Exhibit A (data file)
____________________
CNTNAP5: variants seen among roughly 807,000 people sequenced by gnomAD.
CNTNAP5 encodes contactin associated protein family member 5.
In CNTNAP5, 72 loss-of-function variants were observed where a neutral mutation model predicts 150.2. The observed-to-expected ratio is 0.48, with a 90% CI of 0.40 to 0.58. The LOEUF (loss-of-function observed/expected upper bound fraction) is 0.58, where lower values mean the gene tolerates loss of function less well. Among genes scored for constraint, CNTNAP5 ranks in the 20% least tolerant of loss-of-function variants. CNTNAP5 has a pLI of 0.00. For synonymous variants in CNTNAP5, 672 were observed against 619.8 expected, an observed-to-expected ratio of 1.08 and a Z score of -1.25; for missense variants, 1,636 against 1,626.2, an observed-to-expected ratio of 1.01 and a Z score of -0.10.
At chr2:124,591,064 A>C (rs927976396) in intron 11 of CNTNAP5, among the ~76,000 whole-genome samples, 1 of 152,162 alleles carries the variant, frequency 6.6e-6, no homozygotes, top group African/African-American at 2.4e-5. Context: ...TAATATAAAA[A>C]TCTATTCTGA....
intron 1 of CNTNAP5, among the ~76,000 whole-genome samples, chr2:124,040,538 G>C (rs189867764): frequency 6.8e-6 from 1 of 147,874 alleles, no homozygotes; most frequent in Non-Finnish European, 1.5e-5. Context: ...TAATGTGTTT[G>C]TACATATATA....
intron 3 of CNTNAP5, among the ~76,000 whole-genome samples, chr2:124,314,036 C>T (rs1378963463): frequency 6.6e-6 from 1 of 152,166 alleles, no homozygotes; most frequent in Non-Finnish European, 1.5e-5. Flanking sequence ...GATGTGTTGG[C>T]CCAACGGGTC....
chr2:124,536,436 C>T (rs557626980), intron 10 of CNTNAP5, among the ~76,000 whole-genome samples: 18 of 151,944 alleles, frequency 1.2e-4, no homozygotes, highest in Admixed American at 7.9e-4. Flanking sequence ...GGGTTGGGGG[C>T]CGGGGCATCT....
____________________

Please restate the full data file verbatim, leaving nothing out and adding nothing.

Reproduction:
CNTNAP5: variants seen among roughly 807,000 people sequenced by gnomAD.
CNTNAP5 encodes contactin associated protein family member 5.
In CNTNAP5, 72 loss-of-function variants were observed where a neutral mutation model predicts 150.2. The observed-to-expected ratio is 0.48, with a 90% CI of 0.40 to 0.58. The LOEUF (loss-of-function observed/expected upper bound fraction) is 0.58, where lower values mean the gene tolerates loss of function less well. Among genes scored for constraint, CNTNAP5 ranks in the 20% least tolerant of loss-of-function variants. CNTNAP5 has a pLI of 0.00. For synonymous variants in CNTNAP5, 672 were observed against 619.8 expected, an observed-to-expected ratio of 1.08 and a Z score of -1.25; for missense variants, 1,636 against 1,626.2, an observed-to-expected ratio of 1.01 and a Z score of -0.10.
At chr2:124,591,064 A>C (rs927976396) in intron 11 of CNTNAP5, among the ~76,000 whole-genome samples, 1 of 152,162 alleles carries the variant, frequency 6.6e-6, no homozygotes, top group African/African-American at 2.4e-5. Context: ...TAATATAAAA[A>C]TCTATTCTGA....
intron 1 of CNTNAP5, among the ~76,000 whole-genome samples, chr2:124,040,538 G>C (rs189867764): frequency 6.8e-6 from 1 of 147,874 alleles, no homozygotes; most frequent in Non-Finnish European, 1.5e-5. Context: ...TAATGTGTTT[G>C]TACATATATA....
intron 3 of CNTNAP5, among the ~76,000 whole-genome samples, chr2:124,314,036 C>T (rs1378963463): frequency 6.6e-6 from 1 of 152,166 alleles, no homozygotes; most frequent in Non-Finnish European, 1.5e-5. Flanking sequence ...GATGTGTTGG[C>T]CCAACGGGTC....
chr2:124,536,436 C>T (rs557626980), intron 10 of CNTNAP5, among the ~76,000 whole-genome samples: 18 of 151,944 alleles, frequency 1.2e-4, no homozygotes, highest in Admixed American at 7.9e-4. Flanking sequence ...GGGTTGGGGG[C>T]CGGGGCATCT....